Corn in hand, the rest of the process was easy.  Or relatively so.  The recipe I had comes from the Art of Peruvian Cuisine, a book I’ve written about before.  Unfortunately, that recipe called for a bunch of other fruits that I didn’t have on hand.  Tania declared however that she didn’t care which fruit was in the mazamorra, just as long as it had lots and lots and lots of it.

So here’s the recipe.  If I made a fruit substitution, I’ve included in bold which fruits I actually used. No bold means I just used what’s called for.

Mazamorra Morada

1 large quince (substituted 1 apple)

1 small pineapple

1 large apple

1 stick cinnamon

3 cloves

2 lbs ears of purple corn

1 3/4 (50 g) dried apricots

1 3/4 (50 g) plums or apricots (substituted more dried prunes)

1 3/4 (50 g) prunes

1 3/4 (50 g) sun dried peaches (substituted more dried apricots)

1 cup + 1 tbsp sugar

3 1/2 oz (100g) cornstarch

Ground cinnamon

Juice from two key limes

Letting the dried fruit soak.  I ended up doubling the dried fruit and using less fresh.  It worked, but I'd probably stick closer to the recipe next time.

Letting the dried fruit soak. I ended up doubling the dried fruit and using less fresh. It worked, but I’d probably stick closer to the recipe next time.

1. Soak the dried fruit overnight.  (I soaked in boiling water for about an hour instead.) Peel the quince, pineapple, and apple.

2. Place purple corn, fruit peels, cinnamon, and cloves in a large pot.  Cover with about 3 liters of water and bring to a boil.  Boil for about 15 minutes, or until the liquid has taken on a deep purple color.  (The water turned purple awfully quickly, so I kept boiling for the full time.)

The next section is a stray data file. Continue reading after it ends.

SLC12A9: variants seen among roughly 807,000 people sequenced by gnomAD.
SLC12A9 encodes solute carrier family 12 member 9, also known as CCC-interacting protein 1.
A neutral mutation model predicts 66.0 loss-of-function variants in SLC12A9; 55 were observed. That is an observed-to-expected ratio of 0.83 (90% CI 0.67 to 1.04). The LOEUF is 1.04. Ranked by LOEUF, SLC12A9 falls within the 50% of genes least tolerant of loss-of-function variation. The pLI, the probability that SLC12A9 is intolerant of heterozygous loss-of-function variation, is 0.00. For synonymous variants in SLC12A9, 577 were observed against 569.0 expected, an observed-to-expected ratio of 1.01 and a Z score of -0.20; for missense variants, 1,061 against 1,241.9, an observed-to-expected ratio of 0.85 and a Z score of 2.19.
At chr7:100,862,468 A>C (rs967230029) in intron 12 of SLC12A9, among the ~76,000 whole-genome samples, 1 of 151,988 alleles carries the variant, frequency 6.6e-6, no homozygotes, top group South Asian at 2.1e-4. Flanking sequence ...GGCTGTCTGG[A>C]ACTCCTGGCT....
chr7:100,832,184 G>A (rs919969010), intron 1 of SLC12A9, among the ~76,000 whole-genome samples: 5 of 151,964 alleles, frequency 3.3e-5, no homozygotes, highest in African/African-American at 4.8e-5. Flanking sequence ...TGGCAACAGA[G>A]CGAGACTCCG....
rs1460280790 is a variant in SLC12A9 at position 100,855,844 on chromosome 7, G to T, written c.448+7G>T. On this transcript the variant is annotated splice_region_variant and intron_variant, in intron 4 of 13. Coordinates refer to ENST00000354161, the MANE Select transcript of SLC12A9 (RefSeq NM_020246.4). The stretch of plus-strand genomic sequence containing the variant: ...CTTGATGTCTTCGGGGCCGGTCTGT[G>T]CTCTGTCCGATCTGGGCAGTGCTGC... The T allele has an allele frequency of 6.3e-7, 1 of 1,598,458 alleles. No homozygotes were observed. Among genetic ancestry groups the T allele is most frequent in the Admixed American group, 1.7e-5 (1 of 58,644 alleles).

3. Strain liquid and put aside a small amount to cool.  Return the corn to the rest of the liquid and boil again for a few more minutes until the corn kernels start to burst open.  (My kernels never burst, so I eventually gave up on this step.  It turned out fine.)

4. Remove the corn and strain liquid again through a fine mesh sieve or muslin-lined strainer.

5. Dice the pineapple, apples, and quinces.  Add the soaked dry fruit to the purple corn liquid and then add sugar and the diced fresh fruit.  Bring the mixture back to a boil.

Fruit added, just returning to a boil.

Fruit added, just returning to a boil.

6. In a small bowl, dissolve the cornstarch thoroughly in the previously reserved cold corn liquid.  Stir into the fruit mixture.  Lower the heat and cook, stirring with a metal spoon (Do not use wood, you’ll end up with a purple spoon!), until the mixture thickens, about 15 to 20 minutes.  (Mine thickened much sooner than this, but I kept going for most of the time called for.)

7. Stir in the lime juice and remove from heat.  Pour into an 8×11 serving dish (I think a 9×13 would work better) or individual cups and let cool.  Serve dusted with cinnamon.

I definitely needed a bigger dish -- in the end, I ended up using two.

I definitely needed a bigger dish — in the end, I ended up using two.

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One Response to “Purple Peruvian Goo — Mazamorra Morada”

  1. Janean July 2, 2013 at 9:56 am #

    This dessert looks amazing, but I have to quarrel with your implicit assertion that desserts are the only vegetarian food worth cooking! Try harder!